They may occasionally cause problems. Unlike honey bees these are solitary insects. They nest in a wide range of cavities some of which they excavate themselves. The nest is constructed of sand grains and other particles glued together with saliva. Masonry bees are normally harmless, their sting seemingly unable to penetrate human skin.
On occasions though they can present a problem due to their ability to build nests by tunnelling through soft brick mortar, generally in older properties. Only rarely do large numbers occur together but due to the fact that vulnerable buildings tend to be repeatedly attacked, quite severe damage can occur over several seasons.
Modern houses are not immune either. Small gaps left in otherwise sound mortar may be colonised. Although this is not a problem from a structural point of view, some householders are distressed by such activity. In the long term, re-pointing with sound mortar is the only answer. This must be thorough however, as bees hunting for a nest site will soon locate areas that have been missed.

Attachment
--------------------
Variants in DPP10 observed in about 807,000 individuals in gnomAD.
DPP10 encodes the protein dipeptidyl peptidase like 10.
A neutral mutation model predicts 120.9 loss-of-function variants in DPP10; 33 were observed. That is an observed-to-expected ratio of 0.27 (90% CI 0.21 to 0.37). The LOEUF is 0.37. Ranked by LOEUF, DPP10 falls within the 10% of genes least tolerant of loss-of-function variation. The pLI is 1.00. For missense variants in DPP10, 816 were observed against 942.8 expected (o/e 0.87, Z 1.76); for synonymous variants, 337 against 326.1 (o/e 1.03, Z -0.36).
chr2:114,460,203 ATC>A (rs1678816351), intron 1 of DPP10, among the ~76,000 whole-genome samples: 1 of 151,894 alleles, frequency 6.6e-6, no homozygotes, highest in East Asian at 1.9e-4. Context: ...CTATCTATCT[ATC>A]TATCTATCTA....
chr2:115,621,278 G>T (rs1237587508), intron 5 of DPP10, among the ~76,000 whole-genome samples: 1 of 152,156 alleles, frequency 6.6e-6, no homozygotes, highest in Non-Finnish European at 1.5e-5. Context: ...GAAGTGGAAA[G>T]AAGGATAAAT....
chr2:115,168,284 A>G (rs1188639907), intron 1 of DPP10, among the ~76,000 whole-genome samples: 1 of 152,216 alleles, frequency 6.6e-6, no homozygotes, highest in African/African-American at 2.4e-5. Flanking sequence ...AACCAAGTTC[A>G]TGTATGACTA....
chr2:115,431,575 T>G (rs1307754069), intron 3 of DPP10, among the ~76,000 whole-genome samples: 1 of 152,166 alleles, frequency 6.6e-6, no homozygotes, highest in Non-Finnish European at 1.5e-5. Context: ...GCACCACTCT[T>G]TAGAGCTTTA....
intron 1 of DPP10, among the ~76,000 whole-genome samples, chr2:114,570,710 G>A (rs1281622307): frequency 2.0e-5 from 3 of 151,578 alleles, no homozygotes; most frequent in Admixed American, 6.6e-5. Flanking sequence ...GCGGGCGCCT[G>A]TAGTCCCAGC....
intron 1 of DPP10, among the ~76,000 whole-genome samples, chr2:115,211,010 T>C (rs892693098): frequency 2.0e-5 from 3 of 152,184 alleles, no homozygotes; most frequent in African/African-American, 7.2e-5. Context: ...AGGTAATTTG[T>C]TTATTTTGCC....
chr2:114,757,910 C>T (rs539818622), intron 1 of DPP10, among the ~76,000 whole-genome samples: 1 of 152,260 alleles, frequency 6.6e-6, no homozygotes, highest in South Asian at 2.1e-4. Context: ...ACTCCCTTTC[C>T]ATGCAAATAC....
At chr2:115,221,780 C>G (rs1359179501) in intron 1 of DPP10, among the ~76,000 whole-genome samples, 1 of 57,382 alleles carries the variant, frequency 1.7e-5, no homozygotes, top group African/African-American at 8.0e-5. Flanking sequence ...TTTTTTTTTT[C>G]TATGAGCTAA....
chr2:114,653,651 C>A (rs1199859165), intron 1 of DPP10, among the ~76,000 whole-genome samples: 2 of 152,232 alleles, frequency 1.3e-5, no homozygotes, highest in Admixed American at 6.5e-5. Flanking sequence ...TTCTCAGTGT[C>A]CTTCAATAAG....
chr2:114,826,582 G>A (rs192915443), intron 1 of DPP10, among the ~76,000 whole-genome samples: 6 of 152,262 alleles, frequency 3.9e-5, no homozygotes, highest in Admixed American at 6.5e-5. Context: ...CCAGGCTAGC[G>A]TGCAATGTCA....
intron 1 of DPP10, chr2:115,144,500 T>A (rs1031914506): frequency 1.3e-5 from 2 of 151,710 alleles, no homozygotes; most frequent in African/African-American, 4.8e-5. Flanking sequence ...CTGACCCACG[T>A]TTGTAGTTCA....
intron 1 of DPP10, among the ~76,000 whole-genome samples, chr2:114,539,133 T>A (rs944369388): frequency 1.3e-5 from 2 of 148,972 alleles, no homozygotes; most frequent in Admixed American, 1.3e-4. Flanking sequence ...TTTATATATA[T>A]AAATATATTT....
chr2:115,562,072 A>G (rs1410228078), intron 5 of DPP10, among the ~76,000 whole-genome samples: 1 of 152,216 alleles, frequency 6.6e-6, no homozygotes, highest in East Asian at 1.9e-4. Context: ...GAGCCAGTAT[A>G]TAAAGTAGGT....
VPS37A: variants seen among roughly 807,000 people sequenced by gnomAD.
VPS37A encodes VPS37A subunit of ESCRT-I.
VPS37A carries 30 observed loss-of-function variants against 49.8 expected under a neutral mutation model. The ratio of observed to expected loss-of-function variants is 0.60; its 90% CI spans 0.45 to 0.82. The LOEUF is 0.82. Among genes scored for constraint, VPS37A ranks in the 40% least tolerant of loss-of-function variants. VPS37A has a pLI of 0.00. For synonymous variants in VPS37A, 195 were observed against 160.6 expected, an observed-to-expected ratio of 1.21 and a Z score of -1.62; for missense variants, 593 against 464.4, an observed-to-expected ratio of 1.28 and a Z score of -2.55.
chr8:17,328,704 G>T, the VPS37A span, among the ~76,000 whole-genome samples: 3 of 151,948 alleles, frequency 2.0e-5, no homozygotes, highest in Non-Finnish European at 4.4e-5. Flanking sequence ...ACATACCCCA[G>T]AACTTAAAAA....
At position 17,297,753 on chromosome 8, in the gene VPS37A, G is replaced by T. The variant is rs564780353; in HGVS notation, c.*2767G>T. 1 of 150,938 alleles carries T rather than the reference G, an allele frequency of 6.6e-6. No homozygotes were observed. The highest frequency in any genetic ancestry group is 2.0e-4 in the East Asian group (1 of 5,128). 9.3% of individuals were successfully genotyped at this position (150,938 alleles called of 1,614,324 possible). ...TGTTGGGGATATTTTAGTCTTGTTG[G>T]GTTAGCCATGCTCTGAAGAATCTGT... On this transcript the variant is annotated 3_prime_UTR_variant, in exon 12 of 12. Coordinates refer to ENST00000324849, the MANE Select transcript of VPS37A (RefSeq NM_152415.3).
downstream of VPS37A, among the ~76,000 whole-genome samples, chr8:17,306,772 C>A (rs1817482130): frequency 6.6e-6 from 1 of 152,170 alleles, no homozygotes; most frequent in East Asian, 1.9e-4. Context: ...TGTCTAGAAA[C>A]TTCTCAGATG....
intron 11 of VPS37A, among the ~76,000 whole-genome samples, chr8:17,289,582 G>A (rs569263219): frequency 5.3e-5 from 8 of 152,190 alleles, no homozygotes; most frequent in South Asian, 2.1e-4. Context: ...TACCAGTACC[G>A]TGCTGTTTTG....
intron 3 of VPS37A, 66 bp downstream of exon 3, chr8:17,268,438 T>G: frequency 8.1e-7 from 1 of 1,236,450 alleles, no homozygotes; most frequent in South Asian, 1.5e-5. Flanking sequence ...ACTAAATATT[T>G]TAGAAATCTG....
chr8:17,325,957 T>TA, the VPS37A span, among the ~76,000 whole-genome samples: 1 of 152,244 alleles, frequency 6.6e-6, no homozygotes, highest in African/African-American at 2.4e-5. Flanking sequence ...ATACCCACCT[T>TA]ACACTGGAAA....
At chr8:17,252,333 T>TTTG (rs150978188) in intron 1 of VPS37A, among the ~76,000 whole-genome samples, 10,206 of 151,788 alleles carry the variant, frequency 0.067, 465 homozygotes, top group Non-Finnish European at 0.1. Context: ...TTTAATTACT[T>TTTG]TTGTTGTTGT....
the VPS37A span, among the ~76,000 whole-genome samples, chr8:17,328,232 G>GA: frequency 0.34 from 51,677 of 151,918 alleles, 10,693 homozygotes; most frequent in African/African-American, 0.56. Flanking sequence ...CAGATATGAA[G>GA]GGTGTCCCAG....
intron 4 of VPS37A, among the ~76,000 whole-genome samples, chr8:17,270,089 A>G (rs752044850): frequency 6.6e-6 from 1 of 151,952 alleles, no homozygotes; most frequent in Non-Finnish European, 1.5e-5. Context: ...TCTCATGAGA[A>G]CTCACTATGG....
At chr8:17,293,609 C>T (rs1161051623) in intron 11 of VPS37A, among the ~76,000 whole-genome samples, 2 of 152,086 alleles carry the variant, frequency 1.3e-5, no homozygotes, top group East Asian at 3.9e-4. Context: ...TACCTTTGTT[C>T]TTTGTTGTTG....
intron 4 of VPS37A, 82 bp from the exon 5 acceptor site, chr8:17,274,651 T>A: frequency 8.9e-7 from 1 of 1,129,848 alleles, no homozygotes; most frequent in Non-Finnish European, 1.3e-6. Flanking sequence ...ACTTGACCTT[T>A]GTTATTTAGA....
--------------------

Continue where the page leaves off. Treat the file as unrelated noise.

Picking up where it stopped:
Small individual holes are easily filled. Treatment with insecticides is not normally necessary but where damage is serious or great distress is being caused, insecticides can be used. Application of an insecticide to the entry hole will quickly kill the occupants.
Pest Information from the British Pest Control Association.